Thursday, March 29, 2007

Credit checks: A civil-rights issue?

Studies haven't found a link between poor credit and job performance, but more employers are checking, and minorities are getting squeezed. Insurers are slammed for checking, too.

By Christian Science Monitor

Lisa Bailey worked for five months at Harvard University as a temp entering donations into a database. When the university made the job a salaried position, Bailey, who is black, saw a chance to lift herself out of dead-end jobs.

Bailey's superiors encouraged her to apply, she says, but turned her down after discovering her bad credit history.

Bailey, with her lawyer, has lodged a complaint against Harvard charging racial discrimination. The reason: Studies indicate that minorities are more likely to have bad credit, but credit problems have not been shown to negatively affect job performance.

Some privacy and minority advocates are now seeing credit as a civil-rights issue as minorities start to fight employers and insurers who base decisions on credit histories. Their effort could slow the near doubling in credit checks by employers in the past decade, which affects millions of Americans who are struggling with debt.

"It's definitely a civil-rights issue because of the growing use of credit reports and credit scores for hiring, renting an apartment, insurance and the fact that people of color have not been integrated into the credit-scoring system as much as traditional white middle-class America," says Evan Hendricks, the author of "Credit Scores & Credit Reports: How the System Really Works, What You Can Do."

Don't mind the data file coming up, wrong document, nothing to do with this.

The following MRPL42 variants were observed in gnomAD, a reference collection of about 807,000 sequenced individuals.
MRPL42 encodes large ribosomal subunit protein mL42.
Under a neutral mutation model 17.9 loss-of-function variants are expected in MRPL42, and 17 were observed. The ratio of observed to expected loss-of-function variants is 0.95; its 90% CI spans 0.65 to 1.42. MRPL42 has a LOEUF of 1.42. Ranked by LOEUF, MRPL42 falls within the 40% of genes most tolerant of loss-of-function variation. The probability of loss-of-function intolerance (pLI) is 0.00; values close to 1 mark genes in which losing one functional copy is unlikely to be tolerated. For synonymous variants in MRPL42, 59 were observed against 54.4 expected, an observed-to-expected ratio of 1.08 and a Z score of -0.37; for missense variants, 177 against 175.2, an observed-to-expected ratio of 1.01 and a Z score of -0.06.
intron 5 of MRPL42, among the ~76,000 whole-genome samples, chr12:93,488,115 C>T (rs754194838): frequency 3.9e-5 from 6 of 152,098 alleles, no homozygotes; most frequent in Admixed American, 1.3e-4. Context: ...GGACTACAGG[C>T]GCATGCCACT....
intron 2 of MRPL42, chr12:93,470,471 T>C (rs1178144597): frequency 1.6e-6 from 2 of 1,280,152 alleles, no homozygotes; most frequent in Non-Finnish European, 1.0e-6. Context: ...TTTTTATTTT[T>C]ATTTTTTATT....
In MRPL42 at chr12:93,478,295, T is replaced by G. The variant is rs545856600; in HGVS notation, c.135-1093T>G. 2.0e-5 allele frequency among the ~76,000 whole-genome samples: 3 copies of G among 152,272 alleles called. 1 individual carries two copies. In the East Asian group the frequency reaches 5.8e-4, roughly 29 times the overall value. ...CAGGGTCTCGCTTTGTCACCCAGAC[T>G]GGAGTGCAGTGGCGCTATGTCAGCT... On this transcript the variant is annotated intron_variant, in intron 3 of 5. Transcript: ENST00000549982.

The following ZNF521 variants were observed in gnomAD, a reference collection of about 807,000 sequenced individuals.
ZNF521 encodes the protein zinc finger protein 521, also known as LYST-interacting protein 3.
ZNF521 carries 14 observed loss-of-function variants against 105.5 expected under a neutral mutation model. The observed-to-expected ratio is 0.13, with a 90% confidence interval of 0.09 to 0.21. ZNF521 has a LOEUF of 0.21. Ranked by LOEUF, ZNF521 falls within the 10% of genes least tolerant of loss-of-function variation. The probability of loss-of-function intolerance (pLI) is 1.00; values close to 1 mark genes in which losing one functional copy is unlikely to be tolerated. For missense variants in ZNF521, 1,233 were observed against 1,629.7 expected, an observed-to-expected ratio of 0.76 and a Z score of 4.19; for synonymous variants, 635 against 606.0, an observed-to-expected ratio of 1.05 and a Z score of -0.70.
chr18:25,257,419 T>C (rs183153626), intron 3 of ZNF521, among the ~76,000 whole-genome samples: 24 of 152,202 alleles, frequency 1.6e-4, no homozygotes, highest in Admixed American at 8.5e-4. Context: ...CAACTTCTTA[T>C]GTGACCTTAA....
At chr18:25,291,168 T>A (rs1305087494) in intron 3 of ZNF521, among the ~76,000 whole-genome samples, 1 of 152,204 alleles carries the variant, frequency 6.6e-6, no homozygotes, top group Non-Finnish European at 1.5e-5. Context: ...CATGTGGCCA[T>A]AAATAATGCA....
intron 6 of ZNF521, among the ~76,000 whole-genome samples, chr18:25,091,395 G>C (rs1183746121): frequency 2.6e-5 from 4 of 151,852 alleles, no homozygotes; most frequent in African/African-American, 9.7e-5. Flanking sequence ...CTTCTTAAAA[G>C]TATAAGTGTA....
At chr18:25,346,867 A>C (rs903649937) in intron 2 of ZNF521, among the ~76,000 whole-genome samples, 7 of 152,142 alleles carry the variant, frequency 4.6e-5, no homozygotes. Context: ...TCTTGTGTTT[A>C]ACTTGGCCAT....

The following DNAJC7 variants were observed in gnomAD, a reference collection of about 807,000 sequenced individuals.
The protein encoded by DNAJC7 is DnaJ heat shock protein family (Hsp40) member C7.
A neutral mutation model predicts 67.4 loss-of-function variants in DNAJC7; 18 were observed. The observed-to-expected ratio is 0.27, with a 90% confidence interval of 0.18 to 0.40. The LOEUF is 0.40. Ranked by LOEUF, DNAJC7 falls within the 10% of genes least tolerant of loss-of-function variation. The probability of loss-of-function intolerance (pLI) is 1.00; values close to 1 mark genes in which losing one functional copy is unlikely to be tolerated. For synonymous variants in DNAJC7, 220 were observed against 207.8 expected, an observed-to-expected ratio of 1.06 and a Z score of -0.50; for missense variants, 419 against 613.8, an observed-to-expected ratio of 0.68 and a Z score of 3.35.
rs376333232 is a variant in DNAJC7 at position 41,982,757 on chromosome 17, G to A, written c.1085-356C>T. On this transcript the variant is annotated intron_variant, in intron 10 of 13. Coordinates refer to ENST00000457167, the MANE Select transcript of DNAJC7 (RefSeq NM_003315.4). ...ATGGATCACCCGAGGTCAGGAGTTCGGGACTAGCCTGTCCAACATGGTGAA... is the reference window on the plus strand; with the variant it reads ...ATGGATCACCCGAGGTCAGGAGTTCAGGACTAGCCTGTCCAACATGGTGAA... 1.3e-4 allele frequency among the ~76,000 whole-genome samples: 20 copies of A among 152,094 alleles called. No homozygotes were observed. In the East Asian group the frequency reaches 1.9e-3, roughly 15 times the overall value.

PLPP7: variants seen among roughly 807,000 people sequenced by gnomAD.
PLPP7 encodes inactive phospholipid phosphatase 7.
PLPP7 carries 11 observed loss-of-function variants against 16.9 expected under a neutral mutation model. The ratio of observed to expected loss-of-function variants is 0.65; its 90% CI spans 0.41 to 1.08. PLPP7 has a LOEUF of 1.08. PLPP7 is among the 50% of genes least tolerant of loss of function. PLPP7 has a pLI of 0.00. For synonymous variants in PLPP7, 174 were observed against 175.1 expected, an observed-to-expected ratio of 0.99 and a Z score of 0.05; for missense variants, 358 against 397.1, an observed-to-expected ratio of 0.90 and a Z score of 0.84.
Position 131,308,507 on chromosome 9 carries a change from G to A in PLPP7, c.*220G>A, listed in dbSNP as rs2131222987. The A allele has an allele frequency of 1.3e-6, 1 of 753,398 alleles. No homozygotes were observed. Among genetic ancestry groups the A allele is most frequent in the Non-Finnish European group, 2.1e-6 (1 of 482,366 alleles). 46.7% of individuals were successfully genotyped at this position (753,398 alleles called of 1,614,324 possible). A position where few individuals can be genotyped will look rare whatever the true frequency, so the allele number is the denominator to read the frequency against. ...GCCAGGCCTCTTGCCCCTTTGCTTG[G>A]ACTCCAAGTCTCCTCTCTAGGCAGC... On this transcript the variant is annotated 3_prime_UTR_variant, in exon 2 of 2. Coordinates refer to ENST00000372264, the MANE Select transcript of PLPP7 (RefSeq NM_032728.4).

In a 2004 study involving 2 million people, the Texas Department of Insurance said blacks had an average credit score roughly 10% to 35% worse than whites; Hispanics had scores 5% to 25% worse than whites.

Credit checks are a growing factor in hiring, with 35% of employers checking applicants' credit in 2003, up from 19% in 1996, according to the Society of Human Resource Management, an association for human-resource managers. Typically, credit reports are done if a person is going to deal with money, says John Dooney, a manager of strategic research for the association.

A case for considering credit
Employers should look at credit only for jobs in which the information is relevant, says Lester Rosen, the president of Employment Screening Resources, a national background-screening firm in California. He cites a few examples:

For jobs handling money, people may have a motive to steal if their debts surpass their salaries.
For jobs requiring travel, bad credit could bar applicants from renting cars or buying tickets.
For jobs managing money, a credit report can offer clues on how applicants manage their own.
Particularly in that last scenario, Rosen cautions employers to be circumspect because blemishes might be errors or beyond an applicant's control, such as sudden medical expenses. Legally, employers must receive written permission from applicants to do a credit check and must give those denied because of credit a chance to respond.

Rosen defends the careful consideration of credit in the hiring process. "If Harvard hired a person and did not use a credit report and the person embezzled, what would the headline be?" he asks.

So far, there's a lack of data supporting a relationship between bad credit and theft by employees. In perhaps the only study published on the subject, Jerry Palmer and Laura Koppes of Eastern Kentucky University in Richmond in 2003 found no correlation between employee credit reports and negative performance or termination for dishonesty.